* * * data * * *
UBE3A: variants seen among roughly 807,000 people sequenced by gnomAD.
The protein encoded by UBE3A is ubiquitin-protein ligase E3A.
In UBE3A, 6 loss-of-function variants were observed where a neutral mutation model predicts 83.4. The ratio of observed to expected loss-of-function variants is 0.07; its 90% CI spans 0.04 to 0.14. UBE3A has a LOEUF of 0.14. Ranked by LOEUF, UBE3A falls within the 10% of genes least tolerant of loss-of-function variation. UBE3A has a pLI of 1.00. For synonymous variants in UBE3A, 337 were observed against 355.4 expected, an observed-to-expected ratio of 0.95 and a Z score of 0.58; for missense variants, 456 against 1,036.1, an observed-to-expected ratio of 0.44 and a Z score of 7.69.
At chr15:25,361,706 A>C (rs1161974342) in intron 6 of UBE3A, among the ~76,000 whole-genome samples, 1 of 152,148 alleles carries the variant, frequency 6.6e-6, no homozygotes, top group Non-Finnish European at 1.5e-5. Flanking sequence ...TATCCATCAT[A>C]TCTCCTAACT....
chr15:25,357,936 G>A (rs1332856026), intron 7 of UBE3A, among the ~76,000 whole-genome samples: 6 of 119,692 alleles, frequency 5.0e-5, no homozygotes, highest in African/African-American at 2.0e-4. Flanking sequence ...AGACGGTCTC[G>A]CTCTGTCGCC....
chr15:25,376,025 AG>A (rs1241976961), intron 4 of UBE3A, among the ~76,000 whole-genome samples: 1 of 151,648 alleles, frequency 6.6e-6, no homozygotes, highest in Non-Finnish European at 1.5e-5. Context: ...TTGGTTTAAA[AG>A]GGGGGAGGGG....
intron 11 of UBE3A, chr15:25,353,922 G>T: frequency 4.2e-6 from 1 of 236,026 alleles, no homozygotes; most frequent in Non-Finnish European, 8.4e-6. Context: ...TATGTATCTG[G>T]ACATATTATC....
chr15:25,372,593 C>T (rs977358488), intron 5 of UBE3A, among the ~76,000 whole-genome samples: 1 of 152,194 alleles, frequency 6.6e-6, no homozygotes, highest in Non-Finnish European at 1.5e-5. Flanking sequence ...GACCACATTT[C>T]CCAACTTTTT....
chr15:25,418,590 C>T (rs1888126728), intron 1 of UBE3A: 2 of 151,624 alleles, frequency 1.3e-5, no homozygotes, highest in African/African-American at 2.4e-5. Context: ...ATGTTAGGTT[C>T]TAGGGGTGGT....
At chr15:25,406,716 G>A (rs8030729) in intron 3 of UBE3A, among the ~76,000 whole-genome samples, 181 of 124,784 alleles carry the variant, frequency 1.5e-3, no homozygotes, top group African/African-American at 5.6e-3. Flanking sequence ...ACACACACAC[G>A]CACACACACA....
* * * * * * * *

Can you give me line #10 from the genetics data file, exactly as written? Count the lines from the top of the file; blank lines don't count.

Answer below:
At chr15:25,406,716 G>A (rs8030729) in intron 3 of UBE3A, among the ~76,000 whole-genome samples, 181 of 124,784 alleles carry the variant, frequency 1.5e-3, no homozygotes, top group African/African-American at 5.6e-3. Flanking sequence ...ACACACACAC[G>A]CACACACACA....